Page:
There were no differences in the demographic data between the two groups. Data are displayed in Table 1. QTc interval was significantly lengthened 10 min after inhalational induction with sevoflurane, in contrast to the propofol group where the QTc interval remained virtually unchanged (Fig. 1a). This lengthening became visible already after 2 min of inhaling sevoflurane vapour. The critical value of 440 ms in the QT interval was exceeded in four patients in the sevoflurane group 10 min after drug administration but in just in one patient in the propofol group. Systolic arterial pressure was depressed in all measurements after baseline in both sevoflurane and propofol group (Fig. 1b). In the intergroup comparison a significant difference in the measurement made at 2 min became evident. Diastolic arterial pressure was neither significantly depressed by sevoflurane (from 76 ± 2 mmHg to 64 ± 5 mmHg nor by propofol (from 73 ± 2 mmHg to 64 ± 2 mmHg). Heart rate was not significantly affected in either the propofol (from 75 ± 2 beats min−1 to 74 ± 4 beats min−1, or the sevoflurane (from 73 ± 3 to 72 ± 5 beats min−1, groups.

Table 1
Table 1:
Demographic data
Fig. 1
Fig. 1:
(a) The QTc intervals and (b) systolic arterial pressure before and at 2, 5 and 10 min after induction of anaesthesia using sevoflurane or propofol. BL = baseline. Values are mean ± SEM; *P < 0.05, **P < 0.01, in comparison to baseline values.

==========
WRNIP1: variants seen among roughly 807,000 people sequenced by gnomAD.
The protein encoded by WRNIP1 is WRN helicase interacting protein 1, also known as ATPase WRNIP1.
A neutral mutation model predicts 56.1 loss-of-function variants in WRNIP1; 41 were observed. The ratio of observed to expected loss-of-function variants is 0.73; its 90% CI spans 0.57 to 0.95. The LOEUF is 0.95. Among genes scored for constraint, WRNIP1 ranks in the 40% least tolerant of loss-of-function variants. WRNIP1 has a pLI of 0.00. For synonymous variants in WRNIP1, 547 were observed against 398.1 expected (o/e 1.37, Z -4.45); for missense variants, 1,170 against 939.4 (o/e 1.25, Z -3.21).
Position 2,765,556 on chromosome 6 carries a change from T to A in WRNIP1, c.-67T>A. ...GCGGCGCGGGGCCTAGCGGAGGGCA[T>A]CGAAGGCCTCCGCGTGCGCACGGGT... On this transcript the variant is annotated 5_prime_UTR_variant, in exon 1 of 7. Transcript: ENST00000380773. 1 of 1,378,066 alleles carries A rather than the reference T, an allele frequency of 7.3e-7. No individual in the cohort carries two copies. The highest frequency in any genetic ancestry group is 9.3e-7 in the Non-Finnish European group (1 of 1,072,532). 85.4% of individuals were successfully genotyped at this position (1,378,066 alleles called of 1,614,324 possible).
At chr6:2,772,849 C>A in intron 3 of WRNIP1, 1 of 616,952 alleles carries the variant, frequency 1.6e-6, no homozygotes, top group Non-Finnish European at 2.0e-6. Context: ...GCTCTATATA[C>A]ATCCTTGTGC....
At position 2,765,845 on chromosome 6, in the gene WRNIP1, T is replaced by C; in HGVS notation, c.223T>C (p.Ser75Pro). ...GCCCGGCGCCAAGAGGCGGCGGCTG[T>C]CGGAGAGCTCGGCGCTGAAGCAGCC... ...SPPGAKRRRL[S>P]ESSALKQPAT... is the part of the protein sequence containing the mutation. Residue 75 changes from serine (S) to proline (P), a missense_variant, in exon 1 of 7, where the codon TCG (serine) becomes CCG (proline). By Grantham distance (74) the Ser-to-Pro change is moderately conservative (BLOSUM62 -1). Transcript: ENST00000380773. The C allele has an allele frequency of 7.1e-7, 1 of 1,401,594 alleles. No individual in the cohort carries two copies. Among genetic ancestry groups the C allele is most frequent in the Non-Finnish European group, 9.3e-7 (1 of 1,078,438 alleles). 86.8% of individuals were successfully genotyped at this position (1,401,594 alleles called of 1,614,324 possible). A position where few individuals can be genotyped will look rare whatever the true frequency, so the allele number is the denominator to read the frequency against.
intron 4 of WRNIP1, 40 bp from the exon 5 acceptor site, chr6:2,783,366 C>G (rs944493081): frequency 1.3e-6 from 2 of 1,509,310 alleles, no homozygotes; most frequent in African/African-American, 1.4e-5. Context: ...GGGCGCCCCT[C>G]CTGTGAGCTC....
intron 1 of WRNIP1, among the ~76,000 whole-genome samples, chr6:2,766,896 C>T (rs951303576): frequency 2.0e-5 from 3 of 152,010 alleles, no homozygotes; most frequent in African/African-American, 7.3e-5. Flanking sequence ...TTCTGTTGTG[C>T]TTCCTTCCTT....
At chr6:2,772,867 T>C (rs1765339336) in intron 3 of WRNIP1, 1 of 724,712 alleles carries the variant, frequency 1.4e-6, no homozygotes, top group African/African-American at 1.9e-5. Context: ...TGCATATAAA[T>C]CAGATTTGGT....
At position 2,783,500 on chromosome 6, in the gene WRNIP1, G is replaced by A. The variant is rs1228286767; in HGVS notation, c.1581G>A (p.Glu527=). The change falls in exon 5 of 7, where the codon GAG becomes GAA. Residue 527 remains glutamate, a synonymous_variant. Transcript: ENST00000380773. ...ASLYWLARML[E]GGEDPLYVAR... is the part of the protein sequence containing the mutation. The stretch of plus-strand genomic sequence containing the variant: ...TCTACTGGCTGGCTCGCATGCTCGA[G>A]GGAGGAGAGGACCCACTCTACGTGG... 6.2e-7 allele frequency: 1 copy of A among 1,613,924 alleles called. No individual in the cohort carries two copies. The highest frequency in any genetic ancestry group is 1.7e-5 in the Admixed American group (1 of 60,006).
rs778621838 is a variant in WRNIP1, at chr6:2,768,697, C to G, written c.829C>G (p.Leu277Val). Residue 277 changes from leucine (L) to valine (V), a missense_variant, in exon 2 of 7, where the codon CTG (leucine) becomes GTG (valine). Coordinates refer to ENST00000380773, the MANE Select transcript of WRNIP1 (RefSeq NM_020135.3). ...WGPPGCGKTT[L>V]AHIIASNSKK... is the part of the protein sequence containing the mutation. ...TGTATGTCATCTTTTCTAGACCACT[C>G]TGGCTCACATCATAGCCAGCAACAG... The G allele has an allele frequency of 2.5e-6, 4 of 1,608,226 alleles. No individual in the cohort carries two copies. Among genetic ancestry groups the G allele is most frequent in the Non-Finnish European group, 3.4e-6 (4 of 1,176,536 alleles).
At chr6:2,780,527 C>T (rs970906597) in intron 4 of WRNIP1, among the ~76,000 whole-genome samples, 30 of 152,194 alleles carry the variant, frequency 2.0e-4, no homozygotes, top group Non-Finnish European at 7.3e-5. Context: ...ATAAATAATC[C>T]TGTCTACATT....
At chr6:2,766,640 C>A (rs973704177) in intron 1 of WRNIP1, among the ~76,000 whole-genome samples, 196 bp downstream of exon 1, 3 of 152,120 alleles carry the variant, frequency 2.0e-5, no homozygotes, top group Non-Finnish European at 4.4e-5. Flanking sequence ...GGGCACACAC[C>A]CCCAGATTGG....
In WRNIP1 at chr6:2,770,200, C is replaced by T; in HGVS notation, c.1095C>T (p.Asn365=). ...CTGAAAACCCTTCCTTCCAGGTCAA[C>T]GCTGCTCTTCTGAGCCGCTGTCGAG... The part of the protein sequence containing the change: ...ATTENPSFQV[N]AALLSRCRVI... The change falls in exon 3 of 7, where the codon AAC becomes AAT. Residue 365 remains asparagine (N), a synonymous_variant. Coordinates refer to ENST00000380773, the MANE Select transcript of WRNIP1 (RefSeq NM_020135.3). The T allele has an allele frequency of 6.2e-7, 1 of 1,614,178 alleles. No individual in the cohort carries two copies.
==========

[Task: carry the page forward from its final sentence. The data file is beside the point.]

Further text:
Inhalational induction and anaesthesia with sevoflurane progressively prolonged the QTc interval in our experiments. Propofol had no influence on the QT interval, which is consistent with previously published work [6]. The fact that four of 18 patients in the sevoflurane group and one of 18 patients in the propofol group developed QTc intervals longer than 440 ms implies that the preoperative ECGs must be explicitly investigated for any QTc prolongation which is already present when the use of sevoflurane is planned. The decrease in systolic arterial pressure which occurred after induction was smoother when sevoflurane was used compared to propofol (Fig. 1b), which is possibly due to the protracted uptake of a vaporized anaesthetic via the alveoli. This method of administration may turn out to be beneficial in patients with cardiovascular impairment. Two limitations of this study should be noted: First, women per se tend to have a longer QT interval [8]. Second, our patients were not premedicated using benzodiazepine as is sometimes usual in clinical practice - a measure that was necessary to identify the unmasked actions of sevoflurane on the QT interval. We conclude that sevoflurane progressively lengthened the QTc interval in unpremedicated female adults and that the QTc prolongation associated with sevoflurane needs to be recognized early in order to prevent the critical ventricular tachycardia, torsade de pointes.


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8 Busjahn A, Knoblauch H, Faulhaber HD et al. QT Interval is linked to 2 long-QT syndrome loci in normal subjects. Circulation 1999; 99: 3161-3164.


© 2000 European Academy of Anaesthesiology